Physics

I am sorry, this is not yet supposed to be published, but I also do not want to delete the content. This is work in progress, somehow the option to keep an "yet unpublished version" disappeared.
You are thus welcome to follow my editing process (the version you read
now is already somewhat complete, but still not well organized).


In part one I promised to show that the trilobite molecule does not look at all like a trilobite but rather as a pine cone. I had some pictures, I wanted to upload them for later editing - but here it all became public.

Here is the Physics News original message with the trilobite molecule:
Ok, I promise - my next post here will be a highly interesting article on the status of searches for new heavy Z bosons. In the meantime, however, I allow myself another "personal" post. After an evaluation of 2010 from the point of view of research activities and blog activities, I wish to report here on a few things I look forward to in 2011.

How does an electrical torch or flashlight work? According to the usual description, the lamp inside produces light, this light is shone on the objects we desire to see, partially reflected from their surfaces, and finally some of that light is captured by our eyes. This is not wrong, but it somewhat distorts the fundamentals of visual perception, which is not about perceiving light but about perceiving differences.

The Mystery of Entropy (1)

    What is entropy and what does entropy have to do with order and disorder? We know what order is. The concepts of order and disorder have been part of our consciousness since long before the notion of entropy was ever invented.
In case you haven't noticed, there is a new paper in the arxiv which you should not ignore if you are doing Higgs physics at the LHC. Of course, most of you are not involved in this, but still, it may feel good to know that there has recently been a collective effort of experimentalists and theorists to put together detailed and precise predictions for the Higgs boson production rate, in a way that can be easily used by the experiments.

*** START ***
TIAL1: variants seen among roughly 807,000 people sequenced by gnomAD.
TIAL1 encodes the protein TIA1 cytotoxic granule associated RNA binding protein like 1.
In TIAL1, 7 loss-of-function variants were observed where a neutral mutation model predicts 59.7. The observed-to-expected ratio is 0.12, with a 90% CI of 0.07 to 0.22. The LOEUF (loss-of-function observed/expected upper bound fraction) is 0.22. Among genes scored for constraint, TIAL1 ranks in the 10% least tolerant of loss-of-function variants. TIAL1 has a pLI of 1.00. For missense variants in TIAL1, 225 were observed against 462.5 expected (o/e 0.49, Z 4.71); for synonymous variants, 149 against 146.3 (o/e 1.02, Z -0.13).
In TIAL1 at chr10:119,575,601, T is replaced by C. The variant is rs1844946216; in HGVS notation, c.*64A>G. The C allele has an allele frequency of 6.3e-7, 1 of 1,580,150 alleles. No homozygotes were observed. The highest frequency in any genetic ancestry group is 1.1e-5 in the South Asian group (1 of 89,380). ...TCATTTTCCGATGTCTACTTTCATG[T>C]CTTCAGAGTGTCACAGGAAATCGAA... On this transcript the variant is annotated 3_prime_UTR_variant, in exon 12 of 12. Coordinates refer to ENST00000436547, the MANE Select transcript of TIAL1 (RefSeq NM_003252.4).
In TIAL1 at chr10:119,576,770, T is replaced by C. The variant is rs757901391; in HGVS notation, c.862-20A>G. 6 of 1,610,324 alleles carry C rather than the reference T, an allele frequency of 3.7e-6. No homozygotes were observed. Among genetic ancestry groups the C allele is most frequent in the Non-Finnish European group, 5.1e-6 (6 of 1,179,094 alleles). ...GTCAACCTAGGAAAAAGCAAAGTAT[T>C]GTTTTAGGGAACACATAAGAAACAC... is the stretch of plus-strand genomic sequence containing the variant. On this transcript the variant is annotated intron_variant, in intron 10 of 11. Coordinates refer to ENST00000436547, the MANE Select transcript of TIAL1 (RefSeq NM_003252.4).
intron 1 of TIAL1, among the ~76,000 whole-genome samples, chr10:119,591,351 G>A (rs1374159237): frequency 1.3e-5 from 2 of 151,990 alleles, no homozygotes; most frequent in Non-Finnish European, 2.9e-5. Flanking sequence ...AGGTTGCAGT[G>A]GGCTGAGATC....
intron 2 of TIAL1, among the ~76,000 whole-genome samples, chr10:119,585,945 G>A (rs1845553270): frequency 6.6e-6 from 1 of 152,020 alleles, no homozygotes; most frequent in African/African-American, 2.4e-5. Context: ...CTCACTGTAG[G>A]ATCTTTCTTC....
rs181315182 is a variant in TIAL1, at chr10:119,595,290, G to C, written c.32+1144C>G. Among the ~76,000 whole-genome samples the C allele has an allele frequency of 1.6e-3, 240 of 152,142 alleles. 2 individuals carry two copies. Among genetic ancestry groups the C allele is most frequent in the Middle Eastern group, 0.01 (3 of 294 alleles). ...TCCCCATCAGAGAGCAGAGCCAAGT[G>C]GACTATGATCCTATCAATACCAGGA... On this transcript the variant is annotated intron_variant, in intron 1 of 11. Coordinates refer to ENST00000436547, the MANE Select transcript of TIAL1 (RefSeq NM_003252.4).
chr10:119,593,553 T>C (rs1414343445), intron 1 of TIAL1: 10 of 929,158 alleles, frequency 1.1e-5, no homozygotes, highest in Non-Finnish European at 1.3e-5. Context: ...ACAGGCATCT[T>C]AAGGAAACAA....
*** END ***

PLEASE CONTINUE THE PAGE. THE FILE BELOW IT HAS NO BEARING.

Everybody knows that the orbital momentum  is "quantized" and its z-projection  has integer eigenvalues in units of  . Too few, however, know that it is, in fact, a quasi-particle angular momentum which is integer-valued, not the particle one!
I know that some of the visitors of this blog are surprised to find personal stuff in my column every now and then. However, a blog is an online diary, and I do leave here my personal thoughts if I feel like it. This is one of those times. If you are not curious nor interested you are thus advised to visit some other physics-full post, for example this recent one here. In this post I wish to discuss my personal achievements and failures, my highs and lows of the past year.

All in all, 2010 was a good year for me, for several reasons. Let me provide some highlights in random order.

The old discussion about how an airplane, that is many tons of steel, can keep staying supported in mere air, is a perfect example for how discussions way too often polarize into two camps with both sides being wrong. Little headway is possible once any attempt at resolution is portrayed as either a dangerous accommodating that leads onto a slippery slope toward defeat, or worse belonging to the other, the evil side. There are too many such issues, not only in politics or largely yet to be explored scientific fields like climatology. Even in known physics, for instance in special relativity, there are these polarized debates where both sides are wrong. The theories are well known and their domains of applicability are well delimited by both mathematics and experiment.

In his book "Everything's Relative - And Other Fables From Science And Technology" Tony Rothman writes:

 "[The term] 'special relativity' is probably the greatest misnomer in the history of science"

I wholeheartedly agree. Amongst all scientific terms, the single word 'relativity' stands out as absolute record holder for triggering an astonishing amount of utter nonsense. 
Dynamics can be surprising at times, even when applied to well-understood and tested physical systems such as a basketball and a basket. Look what happened to a free shot executed by Kamyl Kawrzydek in a match between Idaho State University and  Utah State University, played at Gossner's Invitational: the ball bounces on the basket, and then stops there for three full seconds, before eventually dropping into the basket.